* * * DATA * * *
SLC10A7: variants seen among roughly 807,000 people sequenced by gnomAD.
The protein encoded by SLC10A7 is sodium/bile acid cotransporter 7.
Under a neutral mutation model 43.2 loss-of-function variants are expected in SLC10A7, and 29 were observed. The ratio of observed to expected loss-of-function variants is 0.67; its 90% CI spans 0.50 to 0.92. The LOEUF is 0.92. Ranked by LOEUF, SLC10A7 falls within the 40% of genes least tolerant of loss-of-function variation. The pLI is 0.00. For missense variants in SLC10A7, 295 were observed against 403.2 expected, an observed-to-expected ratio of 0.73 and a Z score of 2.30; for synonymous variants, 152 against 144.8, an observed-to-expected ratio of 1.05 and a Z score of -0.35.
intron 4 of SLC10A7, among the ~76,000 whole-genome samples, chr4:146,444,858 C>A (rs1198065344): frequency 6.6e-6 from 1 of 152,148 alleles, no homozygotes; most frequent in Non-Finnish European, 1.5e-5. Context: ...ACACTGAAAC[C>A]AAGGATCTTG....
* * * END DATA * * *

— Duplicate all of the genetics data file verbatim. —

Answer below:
SLC10A7: variants seen among roughly 807,000 people sequenced by gnomAD.
The protein encoded by SLC10A7 is sodium/bile acid cotransporter 7.
Under a neutral mutation model 43.2 loss-of-function variants are expected in SLC10A7, and 29 were observed. The ratio of observed to expected loss-of-function variants is 0.67; its 90% CI spans 0.50 to 0.92. The LOEUF is 0.92. Ranked by LOEUF, SLC10A7 falls within the 40% of genes least tolerant of loss-of-function variation. The pLI is 0.00. For missense variants in SLC10A7, 295 were observed against 403.2 expected, an observed-to-expected ratio of 0.73 and a Z score of 2.30; for synonymous variants, 152 against 144.8, an observed-to-expected ratio of 1.05 and a Z score of -0.35.
intron 4 of SLC10A7, among the ~76,000 whole-genome samples, chr4:146,444,858 C>A (rs1198065344): frequency 6.6e-6 from 1 of 152,148 alleles, no homozygotes; most frequent in Non-Finnish European, 1.5e-5. Context: ...ACACTGAAAC[C>A]AAGGATCTTG....